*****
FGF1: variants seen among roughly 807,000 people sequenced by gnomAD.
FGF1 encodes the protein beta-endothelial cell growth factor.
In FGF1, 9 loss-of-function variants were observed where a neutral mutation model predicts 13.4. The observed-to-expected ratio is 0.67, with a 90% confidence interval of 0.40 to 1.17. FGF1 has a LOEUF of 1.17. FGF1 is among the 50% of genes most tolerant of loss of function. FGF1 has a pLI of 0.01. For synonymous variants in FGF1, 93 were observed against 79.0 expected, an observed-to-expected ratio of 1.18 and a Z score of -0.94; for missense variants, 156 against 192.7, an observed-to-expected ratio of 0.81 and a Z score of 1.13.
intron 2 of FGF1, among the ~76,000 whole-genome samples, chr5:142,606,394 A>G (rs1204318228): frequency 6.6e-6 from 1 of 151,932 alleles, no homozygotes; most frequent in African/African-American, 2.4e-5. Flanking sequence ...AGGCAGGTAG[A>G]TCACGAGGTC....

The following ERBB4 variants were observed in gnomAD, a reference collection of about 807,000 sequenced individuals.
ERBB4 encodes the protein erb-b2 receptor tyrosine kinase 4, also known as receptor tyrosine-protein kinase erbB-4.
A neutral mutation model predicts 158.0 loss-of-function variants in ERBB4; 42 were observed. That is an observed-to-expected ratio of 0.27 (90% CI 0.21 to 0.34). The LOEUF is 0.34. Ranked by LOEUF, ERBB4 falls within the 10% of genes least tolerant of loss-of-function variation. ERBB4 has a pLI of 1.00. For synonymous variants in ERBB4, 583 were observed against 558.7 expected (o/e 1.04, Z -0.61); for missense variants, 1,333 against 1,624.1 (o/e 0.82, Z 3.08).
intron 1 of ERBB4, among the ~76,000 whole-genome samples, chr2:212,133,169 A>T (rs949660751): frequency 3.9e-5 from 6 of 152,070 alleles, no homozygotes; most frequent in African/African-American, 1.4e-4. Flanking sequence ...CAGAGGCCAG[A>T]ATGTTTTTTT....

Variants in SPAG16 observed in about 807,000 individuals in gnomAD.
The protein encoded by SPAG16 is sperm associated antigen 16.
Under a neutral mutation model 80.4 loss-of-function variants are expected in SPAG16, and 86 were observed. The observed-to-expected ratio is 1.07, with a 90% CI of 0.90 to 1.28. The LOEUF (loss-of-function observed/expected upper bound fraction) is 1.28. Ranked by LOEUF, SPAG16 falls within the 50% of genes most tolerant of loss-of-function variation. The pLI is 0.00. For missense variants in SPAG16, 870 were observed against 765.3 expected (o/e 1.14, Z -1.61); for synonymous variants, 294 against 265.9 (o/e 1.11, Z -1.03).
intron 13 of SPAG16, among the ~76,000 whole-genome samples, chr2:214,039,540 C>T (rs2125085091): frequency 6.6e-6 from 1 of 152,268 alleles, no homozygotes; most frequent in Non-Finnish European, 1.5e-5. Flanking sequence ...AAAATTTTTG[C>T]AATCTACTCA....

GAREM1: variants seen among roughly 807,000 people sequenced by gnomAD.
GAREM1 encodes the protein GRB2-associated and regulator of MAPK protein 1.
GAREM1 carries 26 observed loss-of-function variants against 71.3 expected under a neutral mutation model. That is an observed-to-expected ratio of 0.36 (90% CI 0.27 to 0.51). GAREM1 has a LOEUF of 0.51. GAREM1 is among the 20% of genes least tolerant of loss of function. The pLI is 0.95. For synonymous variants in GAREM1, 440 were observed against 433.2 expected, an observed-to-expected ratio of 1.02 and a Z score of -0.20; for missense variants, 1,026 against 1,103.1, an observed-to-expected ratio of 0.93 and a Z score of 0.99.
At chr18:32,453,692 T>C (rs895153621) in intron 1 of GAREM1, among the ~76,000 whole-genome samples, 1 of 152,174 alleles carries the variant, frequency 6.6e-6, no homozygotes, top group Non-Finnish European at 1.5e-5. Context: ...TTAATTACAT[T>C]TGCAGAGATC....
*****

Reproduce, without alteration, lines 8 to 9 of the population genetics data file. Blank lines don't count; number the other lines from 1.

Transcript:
intron 1 of ERBB4, among the ~76,000 whole-genome samples, chr2:212,133,169 A>T (rs949660751): frequency 3.9e-5 from 6 of 152,070 alleles, no homozygotes; most frequent in African/African-American, 1.4e-4. Flanking sequence ...CAGAGGCCAG[A>T]ATGTTTTTTT....

Variants in SPAG16 observed in about 807,000 individuals in gnomAD.